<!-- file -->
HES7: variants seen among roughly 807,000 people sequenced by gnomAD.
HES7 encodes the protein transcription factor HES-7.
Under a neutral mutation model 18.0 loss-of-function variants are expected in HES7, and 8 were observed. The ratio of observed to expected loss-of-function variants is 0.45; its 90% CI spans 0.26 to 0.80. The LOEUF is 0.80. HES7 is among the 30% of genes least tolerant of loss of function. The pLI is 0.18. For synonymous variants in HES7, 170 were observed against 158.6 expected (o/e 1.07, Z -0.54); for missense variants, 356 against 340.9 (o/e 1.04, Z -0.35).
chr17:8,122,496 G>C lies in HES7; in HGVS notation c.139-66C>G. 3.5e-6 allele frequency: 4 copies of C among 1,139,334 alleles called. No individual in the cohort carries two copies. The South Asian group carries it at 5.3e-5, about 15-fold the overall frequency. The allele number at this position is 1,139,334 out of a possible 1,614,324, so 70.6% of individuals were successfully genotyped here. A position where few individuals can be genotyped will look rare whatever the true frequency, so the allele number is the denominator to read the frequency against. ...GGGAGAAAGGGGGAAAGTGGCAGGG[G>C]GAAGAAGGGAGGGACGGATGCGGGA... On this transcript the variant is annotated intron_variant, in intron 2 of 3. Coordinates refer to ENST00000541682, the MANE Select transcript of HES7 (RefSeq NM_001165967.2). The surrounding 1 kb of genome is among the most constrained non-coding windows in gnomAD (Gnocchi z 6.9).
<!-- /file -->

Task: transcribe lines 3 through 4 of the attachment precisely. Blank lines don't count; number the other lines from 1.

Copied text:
Under a neutral mutation model 18.0 loss-of-function variants are expected in HES7, and 8 were observed. The ratio of observed to expected loss-of-function variants is 0.45; its 90% CI spans 0.26 to 0.80. The LOEUF is 0.80. HES7 is among the 30% of genes least tolerant of loss of function. The pLI is 0.18. For synonymous variants in HES7, 170 were observed against 158.6 expected (o/e 1.07, Z -0.54); for missense variants, 356 against 340.9 (o/e 1.04, Z -0.35).
chr17:8,122,496 G>C lies in HES7; in HGVS notation c.139-66C>G. 3.5e-6 allele frequency: 4 copies of C among 1,139,334 alleles called. No individual in the cohort carries two copies. The South Asian group carries it at 5.3e-5, about 15-fold the overall frequency. The allele number at this position is 1,139,334 out of a possible 1,614,324, so 70.6% of individuals were successfully genotyped here. A position where few individuals can be genotyped will look rare whatever the true frequency, so the allele number is the denominator to read the frequency against. ...GGGAGAAAGGGGGAAAGTGGCAGGG[G>C]GAAGAAGGGAGGGACGGATGCGGGA... On this transcript the variant is annotated intron_variant, in intron 2 of 3. Coordinates refer to ENST00000541682, the MANE Select transcript of HES7 (RefSeq NM_001165967.2). The surrounding 1 kb of genome is among the most constrained non-coding windows in gnomAD (Gnocchi z 6.9).